Intestinal worms are everywhere! Protecting working dogs from intestinal worms is not only essential for their health, but importantly, this also protects humans and stock (cattle, sheep and goats) from infection. The major intestinal worms encountered by working dogs are:
Tapeworms are flat, segmented worms that attach to the wall of the small intestine and absorb nutrients. There are many different species of tapeworms, with dogs becoming infected in all cases when they ingest a tapeworm-infected intermediate host. Intermediate hosts become infected following ingestion of tapeworm eggs in the environment that have been excreted in the faeces of an infected dog. In the intermediate host, larval cysts can form in muscles as well as organs, which can reduce meat quality, resulting in economic losses for meat producers.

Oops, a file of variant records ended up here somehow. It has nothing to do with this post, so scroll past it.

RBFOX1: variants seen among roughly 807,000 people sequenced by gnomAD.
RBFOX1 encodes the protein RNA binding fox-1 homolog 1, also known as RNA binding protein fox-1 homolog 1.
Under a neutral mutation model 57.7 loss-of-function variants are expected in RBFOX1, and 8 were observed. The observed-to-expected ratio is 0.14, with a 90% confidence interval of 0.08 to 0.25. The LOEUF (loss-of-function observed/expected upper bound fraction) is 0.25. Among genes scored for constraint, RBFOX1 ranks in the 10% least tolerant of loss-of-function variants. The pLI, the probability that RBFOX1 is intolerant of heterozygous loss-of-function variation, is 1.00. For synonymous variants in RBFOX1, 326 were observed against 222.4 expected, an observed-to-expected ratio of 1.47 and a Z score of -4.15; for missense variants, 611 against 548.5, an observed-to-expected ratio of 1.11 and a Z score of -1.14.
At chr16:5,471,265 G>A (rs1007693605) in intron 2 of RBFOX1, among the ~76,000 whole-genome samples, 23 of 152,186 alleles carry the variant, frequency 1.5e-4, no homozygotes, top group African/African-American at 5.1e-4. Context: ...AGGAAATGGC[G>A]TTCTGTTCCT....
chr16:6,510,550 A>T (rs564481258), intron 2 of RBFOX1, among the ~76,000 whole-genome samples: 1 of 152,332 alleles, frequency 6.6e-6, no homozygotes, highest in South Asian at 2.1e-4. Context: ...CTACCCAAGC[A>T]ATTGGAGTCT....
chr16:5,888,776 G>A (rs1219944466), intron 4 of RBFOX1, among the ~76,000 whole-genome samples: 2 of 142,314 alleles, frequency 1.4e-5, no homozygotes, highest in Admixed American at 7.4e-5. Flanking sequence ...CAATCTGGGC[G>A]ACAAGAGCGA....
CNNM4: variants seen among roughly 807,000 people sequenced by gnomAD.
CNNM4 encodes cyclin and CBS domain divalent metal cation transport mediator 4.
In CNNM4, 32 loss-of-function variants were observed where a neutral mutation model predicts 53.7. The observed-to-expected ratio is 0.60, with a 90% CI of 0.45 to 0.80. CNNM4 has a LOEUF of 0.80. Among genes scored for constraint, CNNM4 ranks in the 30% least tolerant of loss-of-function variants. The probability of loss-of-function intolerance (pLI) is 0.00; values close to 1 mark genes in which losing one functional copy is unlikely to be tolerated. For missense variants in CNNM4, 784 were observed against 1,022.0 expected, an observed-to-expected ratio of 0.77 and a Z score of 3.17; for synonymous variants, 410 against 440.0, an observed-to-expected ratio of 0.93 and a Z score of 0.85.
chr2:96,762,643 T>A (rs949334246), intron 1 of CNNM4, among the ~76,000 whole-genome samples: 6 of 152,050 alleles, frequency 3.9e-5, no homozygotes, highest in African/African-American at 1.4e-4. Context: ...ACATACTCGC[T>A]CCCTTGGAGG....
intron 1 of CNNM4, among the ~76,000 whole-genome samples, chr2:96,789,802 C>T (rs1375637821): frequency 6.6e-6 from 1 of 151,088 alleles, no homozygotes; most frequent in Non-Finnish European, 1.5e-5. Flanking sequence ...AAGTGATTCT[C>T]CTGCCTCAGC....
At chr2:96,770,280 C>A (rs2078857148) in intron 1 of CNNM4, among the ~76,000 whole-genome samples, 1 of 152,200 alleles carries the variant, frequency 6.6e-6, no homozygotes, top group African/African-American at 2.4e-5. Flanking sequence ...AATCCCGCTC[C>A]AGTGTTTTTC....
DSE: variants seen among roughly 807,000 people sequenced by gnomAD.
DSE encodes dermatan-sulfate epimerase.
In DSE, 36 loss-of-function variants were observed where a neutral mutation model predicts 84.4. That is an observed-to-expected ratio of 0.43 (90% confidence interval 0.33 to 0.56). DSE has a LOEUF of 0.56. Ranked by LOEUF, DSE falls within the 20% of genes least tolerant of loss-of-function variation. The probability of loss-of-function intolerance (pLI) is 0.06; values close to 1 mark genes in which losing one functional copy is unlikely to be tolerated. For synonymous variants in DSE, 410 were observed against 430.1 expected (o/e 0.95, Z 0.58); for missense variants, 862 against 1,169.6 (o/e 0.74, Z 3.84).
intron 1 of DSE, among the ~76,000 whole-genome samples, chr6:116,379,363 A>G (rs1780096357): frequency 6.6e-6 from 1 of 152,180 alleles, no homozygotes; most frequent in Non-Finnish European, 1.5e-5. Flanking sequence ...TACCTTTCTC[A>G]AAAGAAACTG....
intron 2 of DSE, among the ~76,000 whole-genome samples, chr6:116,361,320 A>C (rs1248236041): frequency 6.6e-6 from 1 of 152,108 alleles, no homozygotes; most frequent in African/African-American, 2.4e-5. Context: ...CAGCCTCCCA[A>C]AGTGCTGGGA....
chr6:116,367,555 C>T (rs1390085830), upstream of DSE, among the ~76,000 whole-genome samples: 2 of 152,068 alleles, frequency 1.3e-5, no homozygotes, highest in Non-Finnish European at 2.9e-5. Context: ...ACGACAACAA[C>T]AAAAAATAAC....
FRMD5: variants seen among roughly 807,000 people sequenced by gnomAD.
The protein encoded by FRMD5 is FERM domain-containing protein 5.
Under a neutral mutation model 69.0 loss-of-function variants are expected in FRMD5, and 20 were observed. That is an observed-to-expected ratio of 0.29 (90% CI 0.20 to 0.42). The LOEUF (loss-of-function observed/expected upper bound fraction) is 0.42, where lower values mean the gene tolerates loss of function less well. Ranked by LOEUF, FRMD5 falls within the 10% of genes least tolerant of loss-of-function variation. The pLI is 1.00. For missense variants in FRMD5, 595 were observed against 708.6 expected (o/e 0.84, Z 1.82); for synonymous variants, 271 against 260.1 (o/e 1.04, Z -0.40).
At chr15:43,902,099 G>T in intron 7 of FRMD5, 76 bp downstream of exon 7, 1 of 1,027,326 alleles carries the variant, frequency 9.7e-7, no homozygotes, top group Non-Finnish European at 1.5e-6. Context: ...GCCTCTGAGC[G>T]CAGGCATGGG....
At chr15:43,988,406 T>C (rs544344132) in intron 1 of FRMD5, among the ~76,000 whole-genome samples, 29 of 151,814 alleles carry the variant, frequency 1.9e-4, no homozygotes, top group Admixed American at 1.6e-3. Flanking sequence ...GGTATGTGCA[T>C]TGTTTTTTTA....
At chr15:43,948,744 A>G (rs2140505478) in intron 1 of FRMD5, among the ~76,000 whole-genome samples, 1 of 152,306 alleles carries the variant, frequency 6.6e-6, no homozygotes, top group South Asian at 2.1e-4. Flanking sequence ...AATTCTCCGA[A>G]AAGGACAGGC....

Signs of a Tapeworm Infection
In the dog, most tapeworm infections are asymptomatic, with dogs acting as a source of contamination in the environment, which can lead to the infection of other animals (e.g. sheep). Tapeworms can rob nutrients from a host, cause anal irritation (as the tapeworm segments are released) and diarrhoea.
Hydatid Tapeworm Lifecycle
For more information on T. ovis (Sheep Measles), click here.
Controling hydatid tapeworm
It is important to prevent hunting and scavenging in working dogs – ways to reduce this including removing carcasses and faeces from the farm and restricting the movement of these dogs when not working. Working dogs should not be fed raw offal.
Treatment and Prevention
Most veterinarians recommend the following treatment regime with a knock-down wormer such as Drontal®.